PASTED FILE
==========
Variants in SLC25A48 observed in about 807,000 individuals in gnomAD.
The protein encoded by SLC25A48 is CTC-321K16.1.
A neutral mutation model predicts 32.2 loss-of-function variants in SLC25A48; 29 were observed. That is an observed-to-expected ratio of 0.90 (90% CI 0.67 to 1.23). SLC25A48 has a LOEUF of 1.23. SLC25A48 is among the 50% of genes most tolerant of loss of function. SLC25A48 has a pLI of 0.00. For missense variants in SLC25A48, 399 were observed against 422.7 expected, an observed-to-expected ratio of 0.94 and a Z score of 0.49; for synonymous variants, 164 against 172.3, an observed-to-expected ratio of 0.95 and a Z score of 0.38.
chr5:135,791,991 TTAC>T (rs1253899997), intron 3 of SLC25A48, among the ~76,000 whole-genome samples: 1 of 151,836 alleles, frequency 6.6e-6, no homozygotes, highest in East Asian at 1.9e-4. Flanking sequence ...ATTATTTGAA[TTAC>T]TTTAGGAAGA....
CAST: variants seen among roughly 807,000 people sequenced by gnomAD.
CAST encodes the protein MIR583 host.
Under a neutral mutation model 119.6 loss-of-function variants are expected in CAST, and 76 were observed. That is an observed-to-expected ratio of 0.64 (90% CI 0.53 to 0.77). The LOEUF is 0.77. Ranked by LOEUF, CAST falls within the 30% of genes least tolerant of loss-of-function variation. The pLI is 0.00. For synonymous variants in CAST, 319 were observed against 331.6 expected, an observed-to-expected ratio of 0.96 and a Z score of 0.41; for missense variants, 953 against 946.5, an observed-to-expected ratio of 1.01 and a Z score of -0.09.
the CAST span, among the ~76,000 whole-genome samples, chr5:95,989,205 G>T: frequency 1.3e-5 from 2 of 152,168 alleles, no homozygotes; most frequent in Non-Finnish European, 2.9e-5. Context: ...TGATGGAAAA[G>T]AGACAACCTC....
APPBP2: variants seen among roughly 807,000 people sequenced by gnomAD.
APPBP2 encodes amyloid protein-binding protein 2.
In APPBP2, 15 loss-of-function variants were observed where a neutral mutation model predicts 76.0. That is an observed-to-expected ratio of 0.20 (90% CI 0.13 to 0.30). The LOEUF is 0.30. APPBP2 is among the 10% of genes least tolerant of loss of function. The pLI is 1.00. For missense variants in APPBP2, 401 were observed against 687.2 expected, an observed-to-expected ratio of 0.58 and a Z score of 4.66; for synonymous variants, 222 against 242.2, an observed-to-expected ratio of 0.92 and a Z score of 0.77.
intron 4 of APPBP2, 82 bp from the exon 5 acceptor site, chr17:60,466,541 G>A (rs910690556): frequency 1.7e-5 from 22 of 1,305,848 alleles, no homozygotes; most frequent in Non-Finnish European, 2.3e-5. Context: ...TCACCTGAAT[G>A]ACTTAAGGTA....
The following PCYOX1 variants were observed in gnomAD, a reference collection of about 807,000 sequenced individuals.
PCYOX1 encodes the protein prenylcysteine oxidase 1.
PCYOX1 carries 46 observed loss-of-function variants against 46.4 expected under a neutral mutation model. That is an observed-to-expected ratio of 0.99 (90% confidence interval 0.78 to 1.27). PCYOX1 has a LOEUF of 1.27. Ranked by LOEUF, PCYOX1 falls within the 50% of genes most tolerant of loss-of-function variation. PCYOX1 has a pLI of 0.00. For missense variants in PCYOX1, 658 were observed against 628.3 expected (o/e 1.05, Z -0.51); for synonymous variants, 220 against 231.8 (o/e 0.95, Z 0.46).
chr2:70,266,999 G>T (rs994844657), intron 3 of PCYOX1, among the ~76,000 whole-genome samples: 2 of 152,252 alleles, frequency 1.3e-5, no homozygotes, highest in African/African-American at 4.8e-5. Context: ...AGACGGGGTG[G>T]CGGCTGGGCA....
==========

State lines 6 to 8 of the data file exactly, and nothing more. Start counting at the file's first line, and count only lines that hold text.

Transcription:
CAST encodes the protein MIR583 host.
Under a neutral mutation model 119.6 loss-of-function variants are expected in CAST, and 76 were observed. That is an observed-to-expected ratio of 0.64 (90% CI 0.53 to 0.77). The LOEUF is 0.77. Ranked by LOEUF, CAST falls within the 30% of genes least tolerant of loss-of-function variation. The pLI is 0.00. For synonymous variants in CAST, 319 were observed against 331.6 expected, an observed-to-expected ratio of 0.96 and a Z score of 0.41; for missense variants, 953 against 946.5, an observed-to-expected ratio of 1.01 and a Z score of -0.09.
the CAST span, among the ~76,000 whole-genome samples, chr5:95,989,205 G>T: frequency 1.3e-5 from 2 of 152,168 alleles, no homozygotes; most frequent in Non-Finnish European, 2.9e-5. Context: ...TGATGGAAAA[G>T]AGACAACCTC....